October 21st 2012. By Zuzana Prochazka.

Mustang: Own a Serious Sailboat with a History

This classic Olin Stephens-designed New York 32 is ready for a new owner.

Mention the name Olin Stephens in any serious sailing circles and you’ll get nods of approval and respect. Mention that one of Stephens’ most enduring designs, a New York 32, is for sale, and you’ll have the attention of the entire yacht club.
New York 32 sailboat
Only 20 of these New York 32 hulls were produced, over 70 years ago.

Mustang is hull number 17 of the one-design New York 32 series that produced only 20 hulls in 1936. The boats were specifically commissioned by the New York Yacht Club to replace their aging Herreshoff-designed fleet of “Thirties” (built in 1905). The new 45-foot boats were designated by their waterline length (32 feet) and were built of Philippine mahogany on white oak frames. They carried less sail area than their predecessors, but had much more livable accommodations and were built for serious offshore sailing. They were also considered unbeatable on a racecourse.

The original boat was built for Harvey Conover and named Revonoc (Conover spelled backwards), but ten years later she was bought by Olin’s brother, Rod Stephens, who renamed her Mustang and campaigned her in many offshore races for the next twenty-three years. Rod was the practical sailor that made Olin’s designs work with tweaks and add-ons, and Mustang became the benchmark for offshore functionality of that time.

Mustang is a significant and capable boat with a six foot, six inch draft, a 24,550-pound displacement, and 950 square feet of sail area. After Rod Stephens, she changed hands a few more times until she landed with her current owners in 1973. She’s been upgraded with a Pathfinder diesel and the wooden decks were stripped, repaired and topped with fiberglass and Awlgrip paint. Below decks she’s all 1930s ambience, with two cabins, a full galley, and crew’s quarters.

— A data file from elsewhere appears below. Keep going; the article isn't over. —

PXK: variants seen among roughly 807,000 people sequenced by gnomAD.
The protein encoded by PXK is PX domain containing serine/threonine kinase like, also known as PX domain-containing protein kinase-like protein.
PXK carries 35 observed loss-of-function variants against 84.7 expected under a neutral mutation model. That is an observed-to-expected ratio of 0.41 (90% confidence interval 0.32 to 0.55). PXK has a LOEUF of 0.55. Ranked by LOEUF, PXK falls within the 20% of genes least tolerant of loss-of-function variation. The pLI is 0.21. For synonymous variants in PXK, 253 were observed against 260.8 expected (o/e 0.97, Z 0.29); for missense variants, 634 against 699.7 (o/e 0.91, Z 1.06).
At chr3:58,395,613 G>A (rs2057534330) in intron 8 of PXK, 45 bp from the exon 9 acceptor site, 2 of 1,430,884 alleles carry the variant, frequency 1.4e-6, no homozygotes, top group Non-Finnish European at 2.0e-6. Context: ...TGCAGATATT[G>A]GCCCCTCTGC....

The plans were destroyed after the first 20 hulls were built because NYYC wanted to limit the number of boats on their starting line and because they didn’t want the design to fall into “undesirable hands.” About two thirds of the original boats are still sailing or are being restored, and Mustang is one of the finest examples of Stephens’ design number 125.

If owning a piece of history is nice but not entirely convincing, consider this: in 1936, the New York 32s sold for $11,000. Asking price for Mustang today is $172,000 – so much for the adage that a boat is never a good investment. Mustang is currently in Rio Dulce, Guatemala, but her owners plan to relocate her to Annapolis in the spring of 2013. History is waiting, and so are the yacht club members.

For more information, view Mustang’s listing on Yachtworld.com.



Zuzana Prochazka
Zuzana Prochazka is a writer and photographer who freelances for a dozen boating magazines and websites. A USCG 100 Ton Master, Zuzana has cruised, chartered and skippered flotillas in many parts of the world and serves as a presenter on charter destinations and topics. She is the Chair of the New Product Awards committee, judging innovative boats and gear at NMMA and NMEA shows, and currently serves as immediate past president of Boating Writers International. She contributes to Boats.com and YachtWorld.com, and also blogs regularly on her boat review site, TalkoftheDock.com.